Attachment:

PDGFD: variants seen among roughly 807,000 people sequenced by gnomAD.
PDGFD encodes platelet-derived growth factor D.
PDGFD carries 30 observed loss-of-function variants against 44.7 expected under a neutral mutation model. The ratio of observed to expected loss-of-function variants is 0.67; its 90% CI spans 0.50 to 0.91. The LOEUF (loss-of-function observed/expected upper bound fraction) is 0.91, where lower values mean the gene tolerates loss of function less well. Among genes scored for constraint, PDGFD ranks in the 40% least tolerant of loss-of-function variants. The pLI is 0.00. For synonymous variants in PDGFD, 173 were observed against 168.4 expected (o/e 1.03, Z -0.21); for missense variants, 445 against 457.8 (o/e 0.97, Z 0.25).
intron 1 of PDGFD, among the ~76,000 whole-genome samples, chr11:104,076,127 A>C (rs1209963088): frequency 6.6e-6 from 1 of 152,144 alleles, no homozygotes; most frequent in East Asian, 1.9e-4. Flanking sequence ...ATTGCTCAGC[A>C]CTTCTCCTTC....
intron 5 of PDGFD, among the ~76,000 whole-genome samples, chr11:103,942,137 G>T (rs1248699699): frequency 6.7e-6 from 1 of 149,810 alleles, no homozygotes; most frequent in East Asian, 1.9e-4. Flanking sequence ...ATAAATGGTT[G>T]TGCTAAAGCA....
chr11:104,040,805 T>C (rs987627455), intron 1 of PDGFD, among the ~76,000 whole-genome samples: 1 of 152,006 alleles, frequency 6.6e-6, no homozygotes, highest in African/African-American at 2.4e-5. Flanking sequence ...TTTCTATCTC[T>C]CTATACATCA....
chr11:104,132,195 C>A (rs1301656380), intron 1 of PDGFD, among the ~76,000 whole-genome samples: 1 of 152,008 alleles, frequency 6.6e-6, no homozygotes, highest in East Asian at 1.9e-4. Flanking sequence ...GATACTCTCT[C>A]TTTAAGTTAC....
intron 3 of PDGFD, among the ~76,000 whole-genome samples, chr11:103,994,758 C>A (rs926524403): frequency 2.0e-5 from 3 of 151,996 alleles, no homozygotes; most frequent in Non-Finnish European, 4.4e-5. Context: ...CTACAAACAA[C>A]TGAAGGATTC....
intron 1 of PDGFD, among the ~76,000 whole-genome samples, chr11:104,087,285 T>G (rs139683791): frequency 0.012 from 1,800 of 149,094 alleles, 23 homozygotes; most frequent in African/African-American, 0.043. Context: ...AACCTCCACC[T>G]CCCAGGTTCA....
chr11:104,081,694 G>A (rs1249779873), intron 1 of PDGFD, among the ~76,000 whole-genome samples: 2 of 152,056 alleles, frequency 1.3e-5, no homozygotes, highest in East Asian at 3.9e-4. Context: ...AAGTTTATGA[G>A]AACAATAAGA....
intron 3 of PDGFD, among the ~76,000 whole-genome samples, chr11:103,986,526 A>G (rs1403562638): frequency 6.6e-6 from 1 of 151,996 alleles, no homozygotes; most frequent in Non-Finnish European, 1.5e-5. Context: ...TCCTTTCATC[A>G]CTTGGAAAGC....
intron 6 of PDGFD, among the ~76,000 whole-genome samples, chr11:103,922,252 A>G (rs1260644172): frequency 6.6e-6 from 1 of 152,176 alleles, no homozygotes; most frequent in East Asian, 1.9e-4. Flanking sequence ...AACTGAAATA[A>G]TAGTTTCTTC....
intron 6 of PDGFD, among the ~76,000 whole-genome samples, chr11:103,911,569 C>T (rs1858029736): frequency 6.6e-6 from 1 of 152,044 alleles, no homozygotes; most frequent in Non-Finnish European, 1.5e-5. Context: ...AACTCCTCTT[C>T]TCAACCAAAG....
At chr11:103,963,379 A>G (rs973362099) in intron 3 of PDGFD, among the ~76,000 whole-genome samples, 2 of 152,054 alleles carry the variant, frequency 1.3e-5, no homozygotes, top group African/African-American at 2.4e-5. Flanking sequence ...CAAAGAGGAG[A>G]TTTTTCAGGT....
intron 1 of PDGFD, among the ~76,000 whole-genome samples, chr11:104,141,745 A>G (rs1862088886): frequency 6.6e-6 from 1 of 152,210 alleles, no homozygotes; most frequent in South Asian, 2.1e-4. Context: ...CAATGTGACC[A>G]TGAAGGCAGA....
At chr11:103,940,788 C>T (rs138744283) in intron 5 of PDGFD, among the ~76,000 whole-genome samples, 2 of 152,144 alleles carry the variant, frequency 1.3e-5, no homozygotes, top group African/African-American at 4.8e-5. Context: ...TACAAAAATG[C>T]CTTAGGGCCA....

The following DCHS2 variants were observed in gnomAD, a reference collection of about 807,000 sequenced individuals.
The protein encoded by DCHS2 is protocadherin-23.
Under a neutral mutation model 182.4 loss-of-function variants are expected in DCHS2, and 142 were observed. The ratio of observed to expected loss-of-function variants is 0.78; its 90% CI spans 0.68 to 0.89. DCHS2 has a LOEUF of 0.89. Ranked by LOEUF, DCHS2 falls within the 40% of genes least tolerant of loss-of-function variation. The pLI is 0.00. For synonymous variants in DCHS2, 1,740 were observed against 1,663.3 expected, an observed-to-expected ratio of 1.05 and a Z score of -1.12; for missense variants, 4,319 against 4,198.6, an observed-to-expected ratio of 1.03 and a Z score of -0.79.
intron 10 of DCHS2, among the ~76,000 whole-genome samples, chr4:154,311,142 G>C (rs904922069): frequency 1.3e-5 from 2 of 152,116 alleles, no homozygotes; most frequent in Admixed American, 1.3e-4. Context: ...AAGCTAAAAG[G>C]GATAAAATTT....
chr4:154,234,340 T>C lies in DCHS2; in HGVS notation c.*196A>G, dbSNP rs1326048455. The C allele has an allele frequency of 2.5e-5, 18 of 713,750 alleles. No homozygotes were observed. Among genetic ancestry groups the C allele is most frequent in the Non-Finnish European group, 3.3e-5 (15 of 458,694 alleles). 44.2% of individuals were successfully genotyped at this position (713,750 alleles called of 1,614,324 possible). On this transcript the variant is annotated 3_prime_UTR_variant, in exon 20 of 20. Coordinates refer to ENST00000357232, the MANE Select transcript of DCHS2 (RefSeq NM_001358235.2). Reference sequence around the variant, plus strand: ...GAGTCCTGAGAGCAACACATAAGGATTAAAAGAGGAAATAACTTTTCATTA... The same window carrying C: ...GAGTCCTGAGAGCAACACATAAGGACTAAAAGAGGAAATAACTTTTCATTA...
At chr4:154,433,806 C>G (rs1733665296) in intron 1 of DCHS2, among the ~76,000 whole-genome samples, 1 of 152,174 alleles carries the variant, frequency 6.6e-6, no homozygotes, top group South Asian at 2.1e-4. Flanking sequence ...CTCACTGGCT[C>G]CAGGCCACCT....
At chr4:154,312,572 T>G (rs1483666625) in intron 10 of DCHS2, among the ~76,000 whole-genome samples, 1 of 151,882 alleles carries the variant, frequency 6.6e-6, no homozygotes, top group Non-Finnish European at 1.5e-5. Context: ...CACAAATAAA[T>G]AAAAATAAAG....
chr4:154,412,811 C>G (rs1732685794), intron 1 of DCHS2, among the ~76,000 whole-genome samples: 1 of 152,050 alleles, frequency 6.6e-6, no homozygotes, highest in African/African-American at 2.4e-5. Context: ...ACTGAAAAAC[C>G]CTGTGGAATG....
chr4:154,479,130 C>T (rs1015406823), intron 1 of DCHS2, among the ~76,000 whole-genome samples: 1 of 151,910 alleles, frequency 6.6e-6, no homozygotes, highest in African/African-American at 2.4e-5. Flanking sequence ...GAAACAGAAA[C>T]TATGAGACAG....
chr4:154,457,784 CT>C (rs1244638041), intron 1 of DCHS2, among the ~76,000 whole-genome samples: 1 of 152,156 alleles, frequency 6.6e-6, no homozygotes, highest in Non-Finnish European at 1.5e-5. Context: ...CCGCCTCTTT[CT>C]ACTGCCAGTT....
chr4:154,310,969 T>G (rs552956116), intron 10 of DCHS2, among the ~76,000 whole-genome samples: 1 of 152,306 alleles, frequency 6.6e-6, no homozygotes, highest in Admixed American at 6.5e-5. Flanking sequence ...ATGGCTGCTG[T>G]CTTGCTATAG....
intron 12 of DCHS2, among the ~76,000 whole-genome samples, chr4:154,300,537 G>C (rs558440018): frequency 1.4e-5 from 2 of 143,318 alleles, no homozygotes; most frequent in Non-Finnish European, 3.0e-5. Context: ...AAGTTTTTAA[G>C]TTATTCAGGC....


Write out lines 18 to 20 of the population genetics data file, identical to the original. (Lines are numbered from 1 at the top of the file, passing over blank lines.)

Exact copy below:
The protein encoded by DCHS2 is protocadherin-23.
Under a neutral mutation model 182.4 loss-of-function variants are expected in DCHS2, and 142 were observed. The ratio of observed to expected loss-of-function variants is 0.78; its 90% CI spans 0.68 to 0.89. DCHS2 has a LOEUF of 0.89. Ranked by LOEUF, DCHS2 falls within the 40% of genes least tolerant of loss-of-function variation. The pLI is 0.00. For synonymous variants in DCHS2, 1,740 were observed against 1,663.3 expected, an observed-to-expected ratio of 1.05 and a Z score of -1.12; for missense variants, 4,319 against 4,198.6, an observed-to-expected ratio of 1.03 and a Z score of -0.79.
intron 10 of DCHS2, among the ~76,000 whole-genome samples, chr4:154,311,142 G>C (rs904922069): frequency 1.3e-5 from 2 of 152,116 alleles, no homozygotes; most frequent in Admixed American, 1.3e-4. Context: ...AAGCTAAAAG[G>C]GATAAAATTT....